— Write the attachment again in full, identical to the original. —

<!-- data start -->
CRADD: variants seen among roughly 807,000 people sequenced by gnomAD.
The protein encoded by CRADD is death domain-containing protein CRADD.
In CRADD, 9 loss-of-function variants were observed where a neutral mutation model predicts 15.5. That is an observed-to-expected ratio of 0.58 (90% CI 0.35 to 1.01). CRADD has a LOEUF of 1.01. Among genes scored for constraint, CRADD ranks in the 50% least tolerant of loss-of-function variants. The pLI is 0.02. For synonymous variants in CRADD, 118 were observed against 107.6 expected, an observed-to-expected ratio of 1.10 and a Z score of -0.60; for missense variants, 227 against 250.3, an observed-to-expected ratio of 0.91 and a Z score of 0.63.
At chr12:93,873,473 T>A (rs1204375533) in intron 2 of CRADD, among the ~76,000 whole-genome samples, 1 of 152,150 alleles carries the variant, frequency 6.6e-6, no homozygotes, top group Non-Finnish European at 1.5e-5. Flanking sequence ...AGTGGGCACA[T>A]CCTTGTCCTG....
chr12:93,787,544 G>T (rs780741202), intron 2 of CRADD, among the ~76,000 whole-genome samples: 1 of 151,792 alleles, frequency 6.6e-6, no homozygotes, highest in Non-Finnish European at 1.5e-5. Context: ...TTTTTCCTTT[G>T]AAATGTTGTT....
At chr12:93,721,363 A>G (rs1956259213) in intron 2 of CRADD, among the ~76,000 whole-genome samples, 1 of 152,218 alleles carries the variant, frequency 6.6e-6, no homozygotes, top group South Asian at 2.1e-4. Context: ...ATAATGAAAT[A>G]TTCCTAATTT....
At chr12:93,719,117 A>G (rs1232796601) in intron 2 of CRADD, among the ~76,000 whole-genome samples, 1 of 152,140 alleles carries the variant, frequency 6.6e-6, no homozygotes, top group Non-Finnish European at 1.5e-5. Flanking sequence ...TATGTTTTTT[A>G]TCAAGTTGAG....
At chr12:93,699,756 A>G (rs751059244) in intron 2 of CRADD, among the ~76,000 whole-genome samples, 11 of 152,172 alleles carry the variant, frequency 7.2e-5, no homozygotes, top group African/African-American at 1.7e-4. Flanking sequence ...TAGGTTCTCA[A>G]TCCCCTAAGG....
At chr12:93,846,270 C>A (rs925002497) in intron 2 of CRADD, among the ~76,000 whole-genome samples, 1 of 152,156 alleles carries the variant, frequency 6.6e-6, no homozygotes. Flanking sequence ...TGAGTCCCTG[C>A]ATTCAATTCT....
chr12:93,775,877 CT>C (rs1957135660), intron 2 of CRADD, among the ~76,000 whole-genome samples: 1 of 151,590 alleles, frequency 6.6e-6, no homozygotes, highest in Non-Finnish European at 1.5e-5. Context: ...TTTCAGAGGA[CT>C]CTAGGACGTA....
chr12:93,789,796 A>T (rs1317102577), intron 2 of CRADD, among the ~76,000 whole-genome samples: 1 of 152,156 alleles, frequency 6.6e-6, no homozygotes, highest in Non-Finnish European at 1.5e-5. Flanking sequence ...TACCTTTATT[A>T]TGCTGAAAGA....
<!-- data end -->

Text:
CRADD: variants seen among roughly 807,000 people sequenced by gnomAD.
The protein encoded by CRADD is death domain-containing protein CRADD.
In CRADD, 9 loss-of-function variants were observed where a neutral mutation model predicts 15.5. That is an observed-to-expected ratio of 0.58 (90% CI 0.35 to 1.01). CRADD has a LOEUF of 1.01. Among genes scored for constraint, CRADD ranks in the 50% least tolerant of loss-of-function variants. The pLI is 0.02. For synonymous variants in CRADD, 118 were observed against 107.6 expected, an observed-to-expected ratio of 1.10 and a Z score of -0.60; for missense variants, 227 against 250.3, an observed-to-expected ratio of 0.91 and a Z score of 0.63.
At chr12:93,873,473 T>A (rs1204375533) in intron 2 of CRADD, among the ~76,000 whole-genome samples, 1 of 152,150 alleles carries the variant, frequency 6.6e-6, no homozygotes, top group Non-Finnish European at 1.5e-5. Flanking sequence ...AGTGGGCACA[T>A]CCTTGTCCTG....
chr12:93,787,544 G>T (rs780741202), intron 2 of CRADD, among the ~76,000 whole-genome samples: 1 of 151,792 alleles, frequency 6.6e-6, no homozygotes, highest in Non-Finnish European at 1.5e-5. Context: ...TTTTTCCTTT[G>T]AAATGTTGTT....
At chr12:93,721,363 A>G (rs1956259213) in intron 2 of CRADD, among the ~76,000 whole-genome samples, 1 of 152,218 alleles carries the variant, frequency 6.6e-6, no homozygotes, top group South Asian at 2.1e-4. Context: ...ATAATGAAAT[A>G]TTCCTAATTT....
At chr12:93,719,117 A>G (rs1232796601) in intron 2 of CRADD, among the ~76,000 whole-genome samples, 1 of 152,140 alleles carries the variant, frequency 6.6e-6, no homozygotes, top group Non-Finnish European at 1.5e-5. Flanking sequence ...TATGTTTTTT[A>G]TCAAGTTGAG....
At chr12:93,699,756 A>G (rs751059244) in intron 2 of CRADD, among the ~76,000 whole-genome samples, 11 of 152,172 alleles carry the variant, frequency 7.2e-5, no homozygotes, top group African/African-American at 1.7e-4. Flanking sequence ...TAGGTTCTCA[A>G]TCCCCTAAGG....
At chr12:93,846,270 C>A (rs925002497) in intron 2 of CRADD, among the ~76,000 whole-genome samples, 1 of 152,156 alleles carries the variant, frequency 6.6e-6, no homozygotes. Flanking sequence ...TGAGTCCCTG[C>A]ATTCAATTCT....
chr12:93,775,877 CT>C (rs1957135660), intron 2 of CRADD, among the ~76,000 whole-genome samples: 1 of 151,590 alleles, frequency 6.6e-6, no homozygotes, highest in Non-Finnish European at 1.5e-5. Context: ...TTTCAGAGGA[CT>C]CTAGGACGTA....
chr12:93,789,796 A>T (rs1317102577), intron 2 of CRADD, among the ~76,000 whole-genome samples: 1 of 152,156 alleles, frequency 6.6e-6, no homozygotes, highest in Non-Finnish European at 1.5e-5. Flanking sequence ...TACCTTTATT[A>T]TGCTGAAAGA....